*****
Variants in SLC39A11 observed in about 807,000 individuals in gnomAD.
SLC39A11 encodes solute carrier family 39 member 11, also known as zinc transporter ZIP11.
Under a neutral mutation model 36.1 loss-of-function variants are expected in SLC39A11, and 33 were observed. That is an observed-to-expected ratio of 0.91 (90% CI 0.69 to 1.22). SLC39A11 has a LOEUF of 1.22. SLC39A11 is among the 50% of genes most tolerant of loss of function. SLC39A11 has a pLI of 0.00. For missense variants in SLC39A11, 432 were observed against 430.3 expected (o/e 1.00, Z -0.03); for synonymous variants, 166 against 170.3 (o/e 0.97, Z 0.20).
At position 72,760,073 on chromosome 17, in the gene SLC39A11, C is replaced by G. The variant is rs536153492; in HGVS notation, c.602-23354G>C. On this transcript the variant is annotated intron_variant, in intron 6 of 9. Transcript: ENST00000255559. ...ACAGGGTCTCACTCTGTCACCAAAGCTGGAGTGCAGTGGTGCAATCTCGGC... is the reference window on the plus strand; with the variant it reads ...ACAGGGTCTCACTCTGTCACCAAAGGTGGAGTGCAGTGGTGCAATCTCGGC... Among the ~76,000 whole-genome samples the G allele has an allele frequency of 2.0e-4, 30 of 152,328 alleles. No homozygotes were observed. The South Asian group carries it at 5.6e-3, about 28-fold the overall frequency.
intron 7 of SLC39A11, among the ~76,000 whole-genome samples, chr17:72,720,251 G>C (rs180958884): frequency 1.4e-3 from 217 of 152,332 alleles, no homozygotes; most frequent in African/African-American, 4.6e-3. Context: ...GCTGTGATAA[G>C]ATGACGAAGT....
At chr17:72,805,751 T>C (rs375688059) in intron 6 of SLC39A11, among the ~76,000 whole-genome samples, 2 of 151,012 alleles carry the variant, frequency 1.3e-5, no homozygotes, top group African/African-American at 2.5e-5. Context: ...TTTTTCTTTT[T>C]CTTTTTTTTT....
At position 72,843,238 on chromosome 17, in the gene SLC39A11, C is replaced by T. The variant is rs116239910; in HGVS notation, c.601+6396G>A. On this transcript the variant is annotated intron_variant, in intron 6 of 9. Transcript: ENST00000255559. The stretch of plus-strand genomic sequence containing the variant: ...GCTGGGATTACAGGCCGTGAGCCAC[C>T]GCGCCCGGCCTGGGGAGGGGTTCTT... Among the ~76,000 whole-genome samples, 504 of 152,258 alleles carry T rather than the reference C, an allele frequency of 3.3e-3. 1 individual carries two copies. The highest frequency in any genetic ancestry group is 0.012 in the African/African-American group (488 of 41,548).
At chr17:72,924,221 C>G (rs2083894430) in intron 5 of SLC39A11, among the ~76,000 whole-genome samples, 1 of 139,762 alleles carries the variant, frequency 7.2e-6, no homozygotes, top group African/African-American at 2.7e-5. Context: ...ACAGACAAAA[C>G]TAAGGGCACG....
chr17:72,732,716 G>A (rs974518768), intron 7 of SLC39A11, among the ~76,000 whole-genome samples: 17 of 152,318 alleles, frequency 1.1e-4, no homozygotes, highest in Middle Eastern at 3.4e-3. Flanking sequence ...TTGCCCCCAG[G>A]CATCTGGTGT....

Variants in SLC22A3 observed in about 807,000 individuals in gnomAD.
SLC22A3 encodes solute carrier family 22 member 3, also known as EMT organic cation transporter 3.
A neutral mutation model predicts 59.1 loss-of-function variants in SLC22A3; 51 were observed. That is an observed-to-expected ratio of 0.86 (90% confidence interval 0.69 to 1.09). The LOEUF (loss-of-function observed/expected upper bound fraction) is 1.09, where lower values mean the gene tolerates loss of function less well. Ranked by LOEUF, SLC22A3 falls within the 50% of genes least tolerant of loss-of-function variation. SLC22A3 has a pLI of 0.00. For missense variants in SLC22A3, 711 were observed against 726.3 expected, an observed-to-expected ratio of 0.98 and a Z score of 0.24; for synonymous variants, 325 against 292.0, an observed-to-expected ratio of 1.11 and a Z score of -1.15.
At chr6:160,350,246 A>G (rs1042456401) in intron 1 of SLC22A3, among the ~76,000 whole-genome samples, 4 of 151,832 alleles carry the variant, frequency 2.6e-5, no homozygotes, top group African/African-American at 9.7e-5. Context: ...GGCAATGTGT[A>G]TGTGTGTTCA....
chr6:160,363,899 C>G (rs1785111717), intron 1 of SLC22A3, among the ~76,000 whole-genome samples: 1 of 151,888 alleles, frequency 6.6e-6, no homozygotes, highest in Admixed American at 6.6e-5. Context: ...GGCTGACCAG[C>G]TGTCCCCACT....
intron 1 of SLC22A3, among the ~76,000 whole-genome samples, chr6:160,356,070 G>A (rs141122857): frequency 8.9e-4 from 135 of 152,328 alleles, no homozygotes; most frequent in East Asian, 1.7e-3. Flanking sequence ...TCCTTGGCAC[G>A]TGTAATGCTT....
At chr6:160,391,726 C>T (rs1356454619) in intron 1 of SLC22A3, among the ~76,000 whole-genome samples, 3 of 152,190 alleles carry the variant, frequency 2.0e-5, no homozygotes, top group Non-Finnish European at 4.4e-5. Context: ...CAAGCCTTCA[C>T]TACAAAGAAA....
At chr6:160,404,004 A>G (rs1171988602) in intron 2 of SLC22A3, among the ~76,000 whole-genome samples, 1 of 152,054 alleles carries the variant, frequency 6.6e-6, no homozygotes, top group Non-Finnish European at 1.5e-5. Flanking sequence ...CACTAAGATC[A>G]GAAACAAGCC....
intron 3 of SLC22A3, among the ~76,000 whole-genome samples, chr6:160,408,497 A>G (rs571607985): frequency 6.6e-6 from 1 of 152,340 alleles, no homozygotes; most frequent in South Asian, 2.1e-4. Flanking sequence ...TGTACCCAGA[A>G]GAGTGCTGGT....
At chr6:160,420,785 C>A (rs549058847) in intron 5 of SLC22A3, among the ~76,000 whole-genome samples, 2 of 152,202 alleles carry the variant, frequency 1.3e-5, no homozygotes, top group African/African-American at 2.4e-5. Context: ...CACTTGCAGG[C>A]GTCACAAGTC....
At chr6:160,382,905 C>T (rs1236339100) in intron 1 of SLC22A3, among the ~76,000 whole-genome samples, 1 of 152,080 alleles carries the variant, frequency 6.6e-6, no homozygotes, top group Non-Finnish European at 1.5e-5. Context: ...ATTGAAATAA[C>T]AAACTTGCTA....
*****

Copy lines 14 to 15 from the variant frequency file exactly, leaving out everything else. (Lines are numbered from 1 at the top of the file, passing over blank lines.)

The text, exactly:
chr6:160,363,899 C>G (rs1785111717), intron 1 of SLC22A3, among the ~76,000 whole-genome samples: 1 of 151,888 alleles, frequency 6.6e-6, no homozygotes, highest in Admixed American at 6.6e-5. Context: ...GGCTGACCAG[C>G]TGTCCCCACT....
intron 1 of SLC22A3, among the ~76,000 whole-genome samples, chr6:160,356,070 G>A (rs141122857): frequency 8.9e-4 from 135 of 152,328 alleles, no homozygotes; most frequent in East Asian, 1.7e-3. Flanking sequence ...TCCTTGGCAC[G>A]TGTAATGCTT....